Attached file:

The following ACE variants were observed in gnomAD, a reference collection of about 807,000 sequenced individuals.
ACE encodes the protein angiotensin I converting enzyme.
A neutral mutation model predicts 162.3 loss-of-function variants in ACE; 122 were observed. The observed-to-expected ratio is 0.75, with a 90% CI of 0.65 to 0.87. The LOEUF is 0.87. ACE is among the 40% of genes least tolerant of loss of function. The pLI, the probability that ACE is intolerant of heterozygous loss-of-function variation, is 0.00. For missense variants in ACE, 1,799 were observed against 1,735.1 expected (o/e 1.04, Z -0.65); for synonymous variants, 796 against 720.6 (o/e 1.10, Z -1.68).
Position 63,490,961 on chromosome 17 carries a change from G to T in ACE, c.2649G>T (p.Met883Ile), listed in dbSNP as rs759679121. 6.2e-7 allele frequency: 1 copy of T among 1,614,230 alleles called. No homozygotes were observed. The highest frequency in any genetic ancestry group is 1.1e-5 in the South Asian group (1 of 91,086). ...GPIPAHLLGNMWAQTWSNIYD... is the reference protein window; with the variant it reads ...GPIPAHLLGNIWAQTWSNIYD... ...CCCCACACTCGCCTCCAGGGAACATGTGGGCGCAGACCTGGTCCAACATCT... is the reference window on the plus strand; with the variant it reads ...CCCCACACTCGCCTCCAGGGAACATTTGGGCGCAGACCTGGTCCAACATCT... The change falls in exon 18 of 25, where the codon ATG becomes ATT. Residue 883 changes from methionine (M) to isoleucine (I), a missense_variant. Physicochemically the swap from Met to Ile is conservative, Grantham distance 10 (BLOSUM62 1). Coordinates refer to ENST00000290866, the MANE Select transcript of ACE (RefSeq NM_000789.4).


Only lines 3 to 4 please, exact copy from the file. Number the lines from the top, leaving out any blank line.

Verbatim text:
A neutral mutation model predicts 162.3 loss-of-function variants in ACE; 122 were observed. The observed-to-expected ratio is 0.75, with a 90% CI of 0.65 to 0.87. The LOEUF is 0.87. ACE is among the 40% of genes least tolerant of loss of function. The pLI, the probability that ACE is intolerant of heterozygous loss-of-function variation, is 0.00. For missense variants in ACE, 1,799 were observed against 1,735.1 expected (o/e 1.04, Z -0.65); for synonymous variants, 796 against 720.6 (o/e 1.10, Z -1.68).
Position 63,490,961 on chromosome 17 carries a change from G to T in ACE, c.2649G>T (p.Met883Ile), listed in dbSNP as rs759679121. 6.2e-7 allele frequency: 1 copy of T among 1,614,230 alleles called. No homozygotes were observed. The highest frequency in any genetic ancestry group is 1.1e-5 in the South Asian group (1 of 91,086). ...GPIPAHLLGNMWAQTWSNIYD... is the reference protein window; with the variant it reads ...GPIPAHLLGNIWAQTWSNIYD... ...CCCCACACTCGCCTCCAGGGAACATGTGGGCGCAGACCTGGTCCAACATCT... is the reference window on the plus strand; with the variant it reads ...CCCCACACTCGCCTCCAGGGAACATTTGGGCGCAGACCTGGTCCAACATCT... The change falls in exon 18 of 25, where the codon ATG becomes ATT. Residue 883 changes from methionine (M) to isoleucine (I), a missense_variant. Physicochemically the swap from Met to Ile is conservative, Grantham distance 10 (BLOSUM62 1). Coordinates refer to ENST00000290866, the MANE Select transcript of ACE (RefSeq NM_000789.4).